"Dear Professor Giovannoni, Can you help? I am 14 and I care for my Mum. Her multiple sclerosis is getting worse and I now have to spend most of my time looking after her. I have to prepare her tablets for her each day and remind her to take them. I have started to send her text reminders from school otherwise she forgets to take her lunchtime tablets. When I get home from school I often have to clean-up the mess she has made. My father left us when I was 9 and my aunts and uncles live near Liverpool. My mother does not want help and wants us to cope. Mum is unable to walk down the stairs and has taken to hopping down the stairs on her bum. The other day she slipped and slid down the stairs on her back. She got a carpet burn and now has a row of sores over her spine. I worry about leaving her at home when I go to school."

The scenario above is just one of many I have encountered over the years as a MS expert. There is literally an army of child carers out there looking after disabled parents with chronic diseases. As austerity bites, and social care budgets get squeezed, the number of children in this position will increase. The study below highlights the issue; compared with children of ‘healthy’ parents, children of a parent with MS report all of the issues raised in the case above; they have lower life satisfaction and are less likely to be happy (positive affect). As predicted, better adjustment in children of a parent with MS was related to higher levels of social support, lower stress, greater reliance on approach coping strategies (problem solving, seeking support and acceptance) and less reliance on avoidant coping (wishful thinking and denial).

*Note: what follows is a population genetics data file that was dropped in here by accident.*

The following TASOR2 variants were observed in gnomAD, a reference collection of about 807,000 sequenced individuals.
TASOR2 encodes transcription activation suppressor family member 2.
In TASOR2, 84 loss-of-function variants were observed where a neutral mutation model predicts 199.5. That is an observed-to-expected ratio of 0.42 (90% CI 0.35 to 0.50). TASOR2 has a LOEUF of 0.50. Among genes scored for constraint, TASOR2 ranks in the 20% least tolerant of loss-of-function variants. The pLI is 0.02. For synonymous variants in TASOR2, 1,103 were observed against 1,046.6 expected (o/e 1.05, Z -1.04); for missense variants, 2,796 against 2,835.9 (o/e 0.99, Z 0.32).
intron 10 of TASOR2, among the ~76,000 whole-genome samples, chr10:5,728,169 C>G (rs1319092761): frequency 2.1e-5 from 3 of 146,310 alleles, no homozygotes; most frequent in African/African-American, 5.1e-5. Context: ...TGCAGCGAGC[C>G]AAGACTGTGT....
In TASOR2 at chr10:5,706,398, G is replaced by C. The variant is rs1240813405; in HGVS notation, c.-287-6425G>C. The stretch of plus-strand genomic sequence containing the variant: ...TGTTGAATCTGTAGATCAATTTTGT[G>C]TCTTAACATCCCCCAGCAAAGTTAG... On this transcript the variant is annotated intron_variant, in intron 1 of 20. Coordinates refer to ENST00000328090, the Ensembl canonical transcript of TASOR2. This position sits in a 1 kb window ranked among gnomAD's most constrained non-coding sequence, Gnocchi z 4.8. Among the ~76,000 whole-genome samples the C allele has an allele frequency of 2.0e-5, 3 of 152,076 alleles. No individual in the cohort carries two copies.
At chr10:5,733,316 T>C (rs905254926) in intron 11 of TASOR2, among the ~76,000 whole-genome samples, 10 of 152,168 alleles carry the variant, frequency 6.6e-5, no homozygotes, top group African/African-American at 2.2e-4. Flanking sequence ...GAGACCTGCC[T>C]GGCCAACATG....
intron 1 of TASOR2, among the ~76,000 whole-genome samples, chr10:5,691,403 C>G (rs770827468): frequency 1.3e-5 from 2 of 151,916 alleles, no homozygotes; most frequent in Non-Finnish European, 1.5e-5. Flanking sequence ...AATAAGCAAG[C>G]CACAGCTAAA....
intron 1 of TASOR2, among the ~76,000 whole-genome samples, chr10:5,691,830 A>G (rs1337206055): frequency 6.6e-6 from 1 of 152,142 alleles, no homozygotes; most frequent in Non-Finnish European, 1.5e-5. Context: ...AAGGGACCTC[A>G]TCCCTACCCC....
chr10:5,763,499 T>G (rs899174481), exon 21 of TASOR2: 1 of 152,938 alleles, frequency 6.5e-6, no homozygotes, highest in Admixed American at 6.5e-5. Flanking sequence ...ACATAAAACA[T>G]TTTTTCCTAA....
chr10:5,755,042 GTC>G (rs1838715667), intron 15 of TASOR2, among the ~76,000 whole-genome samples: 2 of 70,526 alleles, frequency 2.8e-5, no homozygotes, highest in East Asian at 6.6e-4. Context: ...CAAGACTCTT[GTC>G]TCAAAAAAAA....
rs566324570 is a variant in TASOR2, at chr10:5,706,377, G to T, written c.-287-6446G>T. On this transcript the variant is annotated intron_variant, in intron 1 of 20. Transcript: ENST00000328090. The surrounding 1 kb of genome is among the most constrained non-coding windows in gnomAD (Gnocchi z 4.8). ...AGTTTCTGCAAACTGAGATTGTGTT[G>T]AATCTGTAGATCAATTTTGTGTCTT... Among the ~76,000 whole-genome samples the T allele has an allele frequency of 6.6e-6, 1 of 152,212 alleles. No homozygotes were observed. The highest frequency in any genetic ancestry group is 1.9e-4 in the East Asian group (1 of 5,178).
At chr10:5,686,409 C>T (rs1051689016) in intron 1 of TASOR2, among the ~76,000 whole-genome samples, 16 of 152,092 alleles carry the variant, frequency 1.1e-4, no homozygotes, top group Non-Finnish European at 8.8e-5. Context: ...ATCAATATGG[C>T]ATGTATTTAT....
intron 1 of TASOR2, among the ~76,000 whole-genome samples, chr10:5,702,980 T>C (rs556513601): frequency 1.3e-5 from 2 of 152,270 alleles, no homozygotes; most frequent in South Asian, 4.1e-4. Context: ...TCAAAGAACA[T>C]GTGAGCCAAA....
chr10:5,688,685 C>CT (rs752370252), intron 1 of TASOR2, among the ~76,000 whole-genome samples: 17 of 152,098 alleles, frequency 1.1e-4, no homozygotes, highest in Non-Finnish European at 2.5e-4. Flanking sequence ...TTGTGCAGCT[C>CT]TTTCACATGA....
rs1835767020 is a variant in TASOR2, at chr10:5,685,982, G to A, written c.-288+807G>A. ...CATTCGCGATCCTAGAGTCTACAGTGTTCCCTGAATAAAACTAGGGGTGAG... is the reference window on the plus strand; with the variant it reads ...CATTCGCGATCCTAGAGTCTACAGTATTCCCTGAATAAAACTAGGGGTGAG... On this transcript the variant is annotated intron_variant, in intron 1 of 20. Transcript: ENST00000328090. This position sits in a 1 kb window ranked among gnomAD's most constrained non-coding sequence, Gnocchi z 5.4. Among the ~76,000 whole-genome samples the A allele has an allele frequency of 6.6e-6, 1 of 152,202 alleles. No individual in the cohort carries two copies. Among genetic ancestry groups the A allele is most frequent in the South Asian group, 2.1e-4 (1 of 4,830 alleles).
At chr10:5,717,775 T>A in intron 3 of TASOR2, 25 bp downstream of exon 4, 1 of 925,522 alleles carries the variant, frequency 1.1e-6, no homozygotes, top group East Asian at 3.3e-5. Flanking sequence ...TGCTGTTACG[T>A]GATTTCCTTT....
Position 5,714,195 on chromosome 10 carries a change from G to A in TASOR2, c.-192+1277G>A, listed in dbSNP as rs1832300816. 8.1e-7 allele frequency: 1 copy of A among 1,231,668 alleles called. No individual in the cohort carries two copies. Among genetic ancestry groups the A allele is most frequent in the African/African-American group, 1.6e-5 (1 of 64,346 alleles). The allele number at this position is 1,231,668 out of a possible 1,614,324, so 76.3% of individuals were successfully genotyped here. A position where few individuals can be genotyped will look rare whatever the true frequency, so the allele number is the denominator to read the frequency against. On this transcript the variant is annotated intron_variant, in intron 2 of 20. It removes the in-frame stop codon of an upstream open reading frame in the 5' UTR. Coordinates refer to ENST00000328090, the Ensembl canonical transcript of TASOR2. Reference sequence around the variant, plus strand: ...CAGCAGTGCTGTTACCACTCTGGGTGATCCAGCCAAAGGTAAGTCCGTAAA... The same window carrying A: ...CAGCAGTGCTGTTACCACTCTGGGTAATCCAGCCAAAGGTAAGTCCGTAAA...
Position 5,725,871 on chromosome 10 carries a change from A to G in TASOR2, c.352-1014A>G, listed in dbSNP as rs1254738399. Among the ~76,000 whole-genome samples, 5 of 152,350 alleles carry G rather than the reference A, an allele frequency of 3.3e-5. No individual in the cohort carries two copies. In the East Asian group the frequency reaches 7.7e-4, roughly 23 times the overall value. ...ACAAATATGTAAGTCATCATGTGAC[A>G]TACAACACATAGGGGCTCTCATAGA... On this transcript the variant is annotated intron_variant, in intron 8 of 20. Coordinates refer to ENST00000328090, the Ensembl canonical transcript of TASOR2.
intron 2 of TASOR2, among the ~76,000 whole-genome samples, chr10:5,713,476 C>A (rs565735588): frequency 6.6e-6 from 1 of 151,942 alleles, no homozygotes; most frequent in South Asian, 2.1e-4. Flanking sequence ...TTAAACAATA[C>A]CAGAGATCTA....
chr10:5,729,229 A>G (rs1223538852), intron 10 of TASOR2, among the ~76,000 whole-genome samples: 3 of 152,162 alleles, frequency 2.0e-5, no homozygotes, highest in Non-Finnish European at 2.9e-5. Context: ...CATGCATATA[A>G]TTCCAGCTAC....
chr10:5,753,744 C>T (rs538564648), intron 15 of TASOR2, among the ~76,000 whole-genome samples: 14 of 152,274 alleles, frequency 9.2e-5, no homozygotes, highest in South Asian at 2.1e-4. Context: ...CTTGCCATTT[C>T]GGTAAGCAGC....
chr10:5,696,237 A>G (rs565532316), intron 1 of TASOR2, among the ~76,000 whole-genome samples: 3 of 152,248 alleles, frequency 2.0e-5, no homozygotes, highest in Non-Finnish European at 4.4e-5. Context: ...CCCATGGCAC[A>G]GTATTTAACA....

JLS met up with young carers who look after relatives suffering from multiple sclerosis.